William Blair analysts weighed in on stock giant Apple Inc. (NASDAQ:AAPL) and industrial giant General Electric Company (NYSE:GE). The analysts reflect on Apple’s supply chain reports and General Electric’s appliance deal. While one remains bullish on GE, citing predicted increases in EPS as a result of the Haier deal, the other voices concern over Apple suppliers’ dwindling demand, though keeps his bullish rating.
William Blair analyst Anil Doradla commented on Apple’s supply chain data yesterday, reiterating his Outperform rating on the company. The analyst states that in the last few weeks, major Apple suppliers such as Qorvo, Cirus Logic, and TSMC have all reported slowing demand. He also comments on the handset industry, stating, “the handset industry is experiencing strong headwinds that include a combination of macro-driven weakness, severe pricing pressures, and a crowded competitive landscape (predominantly on the price-sensitive Android handset front).” As a result, he expects Apple to also suffer from these headwinds, though not as much as the entire industry. Doradlaa is decreasing his March quarter and 2016 estimates.
General Electric Company
In addition William Blair analyst Nicholas Heymann reiterated an Outperform rating and $38 price target on General Electric, following the sale of General Electric’s appliance business to Haier for $5.4 billion.
The analyst believes that this deal “increases GE’s ability to expand its oil and gas and Alstom Energy restructuring”, as gains from the deal should offset the $500 million 2016 Alston restructuring costs. More specifically, the sale will the company to turbocharge its cost restructuring efforts, resulting in more resources to “accelerate building out its long germ aftermarket (from virtually zero in 2015) for service, maintenance, repair, and overhaul (MPRO) and data analytics.” The analyst also states that the deal will result in a $0.20 after tax gain per share.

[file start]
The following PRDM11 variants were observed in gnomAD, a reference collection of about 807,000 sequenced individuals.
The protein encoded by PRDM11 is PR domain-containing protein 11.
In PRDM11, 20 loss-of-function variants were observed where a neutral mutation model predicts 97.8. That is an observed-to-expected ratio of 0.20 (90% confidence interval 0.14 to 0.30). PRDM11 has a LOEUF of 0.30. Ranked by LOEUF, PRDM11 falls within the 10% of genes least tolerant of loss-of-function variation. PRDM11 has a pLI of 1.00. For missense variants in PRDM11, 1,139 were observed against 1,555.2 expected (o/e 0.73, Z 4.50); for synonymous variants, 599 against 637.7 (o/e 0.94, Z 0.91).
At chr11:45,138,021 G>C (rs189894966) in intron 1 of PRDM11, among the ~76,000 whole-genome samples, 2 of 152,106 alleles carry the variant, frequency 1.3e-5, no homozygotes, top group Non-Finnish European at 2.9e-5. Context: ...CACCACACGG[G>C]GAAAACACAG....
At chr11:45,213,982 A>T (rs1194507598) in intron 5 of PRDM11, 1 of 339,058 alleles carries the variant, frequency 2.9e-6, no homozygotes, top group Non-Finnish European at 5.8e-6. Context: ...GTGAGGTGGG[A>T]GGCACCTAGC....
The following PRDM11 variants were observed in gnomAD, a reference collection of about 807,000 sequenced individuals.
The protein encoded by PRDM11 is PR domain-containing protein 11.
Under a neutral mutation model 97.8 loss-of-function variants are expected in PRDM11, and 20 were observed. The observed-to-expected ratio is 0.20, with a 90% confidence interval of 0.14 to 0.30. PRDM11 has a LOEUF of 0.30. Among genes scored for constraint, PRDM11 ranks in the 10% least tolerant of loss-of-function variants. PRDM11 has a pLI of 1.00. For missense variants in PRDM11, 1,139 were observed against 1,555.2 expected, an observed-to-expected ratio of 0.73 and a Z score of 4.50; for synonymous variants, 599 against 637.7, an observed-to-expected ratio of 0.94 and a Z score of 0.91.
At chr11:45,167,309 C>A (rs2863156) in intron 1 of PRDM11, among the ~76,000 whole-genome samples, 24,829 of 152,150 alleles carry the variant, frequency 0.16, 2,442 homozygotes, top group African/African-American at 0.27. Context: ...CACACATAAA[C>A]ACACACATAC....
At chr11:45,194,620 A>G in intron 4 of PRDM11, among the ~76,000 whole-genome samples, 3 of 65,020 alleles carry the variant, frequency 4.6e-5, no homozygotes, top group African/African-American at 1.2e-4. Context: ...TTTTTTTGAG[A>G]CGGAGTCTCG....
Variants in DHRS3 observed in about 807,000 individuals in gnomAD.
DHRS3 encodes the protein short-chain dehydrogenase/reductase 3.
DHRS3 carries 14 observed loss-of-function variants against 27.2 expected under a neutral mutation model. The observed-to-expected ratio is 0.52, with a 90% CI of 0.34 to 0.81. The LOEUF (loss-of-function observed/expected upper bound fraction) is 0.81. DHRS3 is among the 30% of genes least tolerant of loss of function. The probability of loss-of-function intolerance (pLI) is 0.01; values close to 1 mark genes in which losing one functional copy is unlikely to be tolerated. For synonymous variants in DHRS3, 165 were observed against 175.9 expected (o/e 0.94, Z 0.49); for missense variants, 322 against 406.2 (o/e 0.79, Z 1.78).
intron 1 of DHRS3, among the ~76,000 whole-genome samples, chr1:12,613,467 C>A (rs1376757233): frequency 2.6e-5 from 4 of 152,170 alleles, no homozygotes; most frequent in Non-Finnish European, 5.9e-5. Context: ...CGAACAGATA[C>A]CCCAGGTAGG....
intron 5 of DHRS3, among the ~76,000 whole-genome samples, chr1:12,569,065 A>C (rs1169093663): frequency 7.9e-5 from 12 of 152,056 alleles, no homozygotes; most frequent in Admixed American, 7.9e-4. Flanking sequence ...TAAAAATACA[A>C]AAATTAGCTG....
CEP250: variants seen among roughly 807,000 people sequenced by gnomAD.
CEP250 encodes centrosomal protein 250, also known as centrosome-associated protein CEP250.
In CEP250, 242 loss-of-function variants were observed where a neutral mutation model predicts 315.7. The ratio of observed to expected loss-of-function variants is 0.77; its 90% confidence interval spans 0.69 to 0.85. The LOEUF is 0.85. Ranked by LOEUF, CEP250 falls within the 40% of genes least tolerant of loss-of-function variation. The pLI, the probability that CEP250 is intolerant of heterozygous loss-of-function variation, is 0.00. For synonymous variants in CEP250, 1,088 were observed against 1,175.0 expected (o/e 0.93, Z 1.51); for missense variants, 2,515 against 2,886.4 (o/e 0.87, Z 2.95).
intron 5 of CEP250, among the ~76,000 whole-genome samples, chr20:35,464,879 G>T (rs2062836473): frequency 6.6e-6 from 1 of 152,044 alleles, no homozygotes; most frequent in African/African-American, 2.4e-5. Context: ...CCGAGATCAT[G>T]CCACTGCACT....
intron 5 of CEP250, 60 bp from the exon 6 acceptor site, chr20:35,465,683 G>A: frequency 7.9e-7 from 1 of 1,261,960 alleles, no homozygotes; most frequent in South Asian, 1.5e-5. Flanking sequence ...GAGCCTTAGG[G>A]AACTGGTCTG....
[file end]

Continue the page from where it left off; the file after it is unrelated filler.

According to the analyst, the company’s increased ability to expand its restructuring through decreasing costs will result in improved EPS for 2016 and 2017, with a possibility of the $800 million Alston restructuring costs for 2017 being ahead of schedule. The analysts states that the company’s EPS guidance for 2016 is on the conservative end, which should enable its current guidance to ultimately prove conservative.” He also believes this deal enables the company “to be an increasingly better steward of its capital” as it adjusts its portfolio as both an asset buyer and a business seller. The analyst states that the combination of recent decreasing oil prices and accelerated cost restructuring could result in an aftermarket business worth $8 to $10 billion, which will enable the company to “fly above the turbulence of the 2016 global economy.”
Analyst Nicholas Heymann has a 43% success rate recommending stocks with an average return of 0.2% per recommendation.
According to TipRanks’ statistics, out of the 9 analysts who have rated the company in the past 3 months, 6 gave a Buy rating while 3 remain on the sidelines. The average 12-month price target for the stock is $32.75, marking a 15% upside from where shares last closed.